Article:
Regarding PVA bags I must mention Nick Helleurs excellent tip to make bags sink instantly. Bags float or sink slowly because of the trapped air that surrounds each bait or particle. To remove the air simply sprinkle dry sand into the bag and continually tap it down. The sand will find its way into every nook and cranny removing the air as the level builds up. Add more sand until it reaches the top then tie it. The bag is now airless and very eco friendly. Being much heavier it cast further and instantly plummets like a stone. 
 
When fishing over dark mucky silt the bag will deposit the sand leaving a nice clean light patch with your irresistible choice of bait sat on top, just like a dining table. Brilliant. 
 
River fishing  
For river fishing mega weight lead core opens a whole new ball game. It’s tailor made for presenting bait in tight awkward spots swims on your side of the bank. If you want to place your bait in an obvious hot spot under overhanging or submerged branches downstream then dispense with the bomb. Bombs are easily grabbed by snags and do not always trundle into the position you want. 
 
Instead try this. Cast a length of lead core into midstream. By raising and lowering the rod tip you allow the current to sweep the rig in under the trees branches or rafts. Once in place lower the tip and get ready for action. You can literally place your bait on the noses of the fish. By experimenting with different lengths of lead core you will soon be able to match the length required to the speed of the current for that particular swim.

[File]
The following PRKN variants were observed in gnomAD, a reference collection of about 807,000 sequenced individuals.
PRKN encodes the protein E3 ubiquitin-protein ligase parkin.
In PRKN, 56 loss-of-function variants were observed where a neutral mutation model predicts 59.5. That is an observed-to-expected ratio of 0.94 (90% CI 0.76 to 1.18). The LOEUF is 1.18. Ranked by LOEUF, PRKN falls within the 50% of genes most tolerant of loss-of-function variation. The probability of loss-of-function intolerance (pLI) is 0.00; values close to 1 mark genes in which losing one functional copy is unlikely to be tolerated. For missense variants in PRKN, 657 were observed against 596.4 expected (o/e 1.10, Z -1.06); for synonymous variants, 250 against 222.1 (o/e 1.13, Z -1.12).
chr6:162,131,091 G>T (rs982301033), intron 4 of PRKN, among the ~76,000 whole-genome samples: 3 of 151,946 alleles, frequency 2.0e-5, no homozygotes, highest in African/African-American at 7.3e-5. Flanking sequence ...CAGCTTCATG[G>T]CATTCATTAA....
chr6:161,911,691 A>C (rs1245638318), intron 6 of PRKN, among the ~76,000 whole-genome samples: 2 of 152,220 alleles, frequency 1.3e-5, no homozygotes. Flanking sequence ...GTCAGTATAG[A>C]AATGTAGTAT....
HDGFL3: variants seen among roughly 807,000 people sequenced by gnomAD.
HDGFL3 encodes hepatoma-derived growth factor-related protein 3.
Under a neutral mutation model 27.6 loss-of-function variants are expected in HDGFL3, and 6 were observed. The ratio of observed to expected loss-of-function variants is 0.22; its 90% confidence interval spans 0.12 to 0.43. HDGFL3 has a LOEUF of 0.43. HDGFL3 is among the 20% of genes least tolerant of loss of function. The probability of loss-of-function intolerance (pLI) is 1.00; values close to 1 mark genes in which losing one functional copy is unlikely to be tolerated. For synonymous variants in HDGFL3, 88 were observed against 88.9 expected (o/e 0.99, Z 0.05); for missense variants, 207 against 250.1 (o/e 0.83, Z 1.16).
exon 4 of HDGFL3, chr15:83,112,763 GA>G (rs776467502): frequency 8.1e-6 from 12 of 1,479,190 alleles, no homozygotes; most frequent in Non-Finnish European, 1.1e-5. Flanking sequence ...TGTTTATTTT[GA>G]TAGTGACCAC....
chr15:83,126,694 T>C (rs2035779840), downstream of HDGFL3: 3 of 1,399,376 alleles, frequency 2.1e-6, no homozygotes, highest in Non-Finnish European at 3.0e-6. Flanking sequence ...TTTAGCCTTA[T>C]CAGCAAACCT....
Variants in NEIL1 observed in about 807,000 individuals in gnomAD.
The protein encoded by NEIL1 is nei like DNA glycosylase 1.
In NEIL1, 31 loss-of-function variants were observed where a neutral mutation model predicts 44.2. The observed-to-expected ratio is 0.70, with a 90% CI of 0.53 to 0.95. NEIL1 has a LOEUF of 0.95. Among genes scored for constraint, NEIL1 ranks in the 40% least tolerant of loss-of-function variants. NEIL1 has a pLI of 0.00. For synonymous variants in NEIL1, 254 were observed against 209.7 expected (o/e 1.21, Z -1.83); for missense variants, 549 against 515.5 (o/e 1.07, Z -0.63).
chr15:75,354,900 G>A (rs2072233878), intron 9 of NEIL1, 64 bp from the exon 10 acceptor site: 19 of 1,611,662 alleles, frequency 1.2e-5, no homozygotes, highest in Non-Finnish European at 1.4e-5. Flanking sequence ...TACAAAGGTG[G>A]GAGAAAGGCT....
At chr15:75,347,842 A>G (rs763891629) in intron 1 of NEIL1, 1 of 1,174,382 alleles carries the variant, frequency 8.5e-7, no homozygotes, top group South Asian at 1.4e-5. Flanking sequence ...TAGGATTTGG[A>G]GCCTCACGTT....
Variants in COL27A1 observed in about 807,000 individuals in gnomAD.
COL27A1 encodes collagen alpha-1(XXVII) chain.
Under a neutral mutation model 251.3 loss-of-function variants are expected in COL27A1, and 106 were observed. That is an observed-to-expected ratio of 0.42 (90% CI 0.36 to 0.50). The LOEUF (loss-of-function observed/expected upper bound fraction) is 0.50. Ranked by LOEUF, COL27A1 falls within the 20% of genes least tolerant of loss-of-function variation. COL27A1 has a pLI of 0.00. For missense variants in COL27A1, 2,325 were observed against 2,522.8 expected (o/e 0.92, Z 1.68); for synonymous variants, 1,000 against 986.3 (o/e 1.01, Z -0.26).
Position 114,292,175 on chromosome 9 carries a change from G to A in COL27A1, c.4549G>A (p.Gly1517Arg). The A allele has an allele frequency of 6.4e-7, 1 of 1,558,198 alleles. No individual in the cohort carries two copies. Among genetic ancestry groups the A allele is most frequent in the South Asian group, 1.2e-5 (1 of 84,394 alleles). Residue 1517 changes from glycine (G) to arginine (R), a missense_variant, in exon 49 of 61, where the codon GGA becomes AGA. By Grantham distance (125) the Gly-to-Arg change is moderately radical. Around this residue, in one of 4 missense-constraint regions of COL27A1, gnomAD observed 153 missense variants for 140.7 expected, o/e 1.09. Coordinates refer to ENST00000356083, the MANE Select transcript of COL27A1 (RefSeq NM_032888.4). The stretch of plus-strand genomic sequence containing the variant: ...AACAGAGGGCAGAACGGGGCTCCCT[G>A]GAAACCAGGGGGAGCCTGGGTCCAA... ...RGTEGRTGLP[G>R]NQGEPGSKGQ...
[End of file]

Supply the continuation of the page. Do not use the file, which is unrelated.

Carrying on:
Carry different prepared spliced lengths with you to cover most swims slow or fast. For extremely strong water I will use as much as 3-4 meters to combat the flow. By attaching individual spliced lengths using the loop-to-loop method you can quickly have a tailor made length in next to no time without breaking down the whole of the terminal tackle. 
 
 
Float fishing  
Float fishing lift method style. Instead of using shot where the weight is concentrated in one spot try a short length of spliced lead core (8-10cms). Because the mass is stretched out the hookbait descends more slowly through the water. When fished over depth finicky fish feel no immediate weight as the core is lifted. Even when as little as one centimeter is raised from the bottom an immediate indication of the float can clearly be seen. When bites tail off as the early morning sun climbs this extremely sensitive method often prolongs catching hours. 
 
Do give lead core a try and not just behind the bomb. The amount of times fish swim between your rod tips and your bait without betraying their presence is amazing. 
 
Good Luck, may your slack lines soon become tight. 
Dave Chilton 
Connect mainline and hooklength to each end of the splice. 
Unlike a bomb Scores splash free entry does not tend to spook cautious feeders as it lands more like a fly line. Cast out, feather the line and let it settle. Now gently tighten leaving a small amount of slack. 
Once a fish inhales the bait and lifts the first few inches of core off the bottom an immediate bite will register.